Contrast with Force Awakens. Immediately after becoming aware of its existence 2/3 of the way into the movie, it takes the main characters all of 45 seconds of witty banter and spit balling ideas before flawlessly executing an ad hoc plan without any real obstacles or course corrections. Hell, Finn immediately finds the one person he knows on a PLANET they just crash landed on, this person “happens” to have the authority to deactivate the entire planet’s shields, and they are able to kidnap her and convince her to do it without so much as a hiccup. While bad things do happen on the Base (like Han Solo’s death or the lightsaber fight with Ren), none of is even remotely an obstacle to the goal of destroying the base, which is done with jovial ease.
Let’s compare these differences with the third movie that utilizes the exact same plotline. Right off the bat, the Death Star threat Return of the Jedi suffers from a similar weakly contrived nature as in Force Awakens. The awkward pacing of the movie makes Jabba’s Palace a disjointed adventure from destroying the second Death Star. However, it can at least be forgiven that this is the third film in a larger trilogy. Not the first film, which needs to be a more self-contained story.
Next, the McGuffin. In Episode 6, the McGuffin is Luke’s need to confront Vader. The payoff comes in three ways.
- It appropriately drives Luke’s involvement in the confronting the threat
- It supports the Empire’s motivations for their actions
- The confrontation itself naturally becomes the catalyst for resolving the threat (Killing the Emperor)
Now how about earning the resolution? This time we do not see any struggle to obtain the plans or the stolen ship. At first glance this detracts from the credibility of the threat-solution dynamic. But unlike Force Awakens, the solution is contrived on screen but not contrived in-universe. We are told that “many Bothans died” getting these plans. Exposition reveals that obtaining the solution did have a high cost. Still, it is not as powerful because we didn’t know those characters and had no investment in their struggles.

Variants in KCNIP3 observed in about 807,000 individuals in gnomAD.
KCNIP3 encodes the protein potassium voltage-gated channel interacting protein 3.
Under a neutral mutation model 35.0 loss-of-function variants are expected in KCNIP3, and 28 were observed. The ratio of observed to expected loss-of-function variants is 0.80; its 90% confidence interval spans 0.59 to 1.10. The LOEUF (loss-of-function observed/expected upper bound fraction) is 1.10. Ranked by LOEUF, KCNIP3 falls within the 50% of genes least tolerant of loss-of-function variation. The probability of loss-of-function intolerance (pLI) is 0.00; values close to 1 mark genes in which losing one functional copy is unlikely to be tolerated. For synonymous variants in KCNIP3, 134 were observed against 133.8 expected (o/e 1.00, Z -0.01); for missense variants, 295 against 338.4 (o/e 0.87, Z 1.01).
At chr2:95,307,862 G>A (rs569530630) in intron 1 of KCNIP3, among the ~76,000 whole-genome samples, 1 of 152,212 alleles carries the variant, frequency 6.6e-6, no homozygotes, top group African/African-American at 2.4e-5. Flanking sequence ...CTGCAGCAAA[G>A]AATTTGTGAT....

However, in he third act, the Emperor reveals that it was a trap. He allowed the plans to be stolen to bait the rebels. Suddenly the initial weakness of the easy solution becomes a strength. Our expectations have been flipped and the dissonance we had with the ease of the solution is released into appropriate narrative tension. Instead of sliding through the plan like butter on ice, the heroes must react and adapt.
A Final Comparison
We can apply this 3 part filter to most any other hero’s journey type movie and it will only shed further light on how sucky the Star Killer Base plotline was. Take Lord of the Rings:
Central Conflict: The Rise of Sauron is directly relevant to our hero’s inciting incident: Escaping the Shire with the Ring.
McGuffin connection: Destroying the Ring was integral to defeating Sauron.
Earning the Resolution: We watch 9 exhaustive hours of Frodo journeying to Mount Doom.
Now imagine if Lord of the Rings had Frodo on a totally different mission for the first two films, like finding Bilbo, only to realize in the last act of the story that Sauron even existed and the ring needed to be destroyed. Then through a single witty conversation comes up with a plan to destroy the ring and executes it with ease. Turning back to his initial quest: finding Bilbo, Frodo finds this inexplicably resolved without any further action on his part.
That’s the Force Awakens and that kind of sucked about it.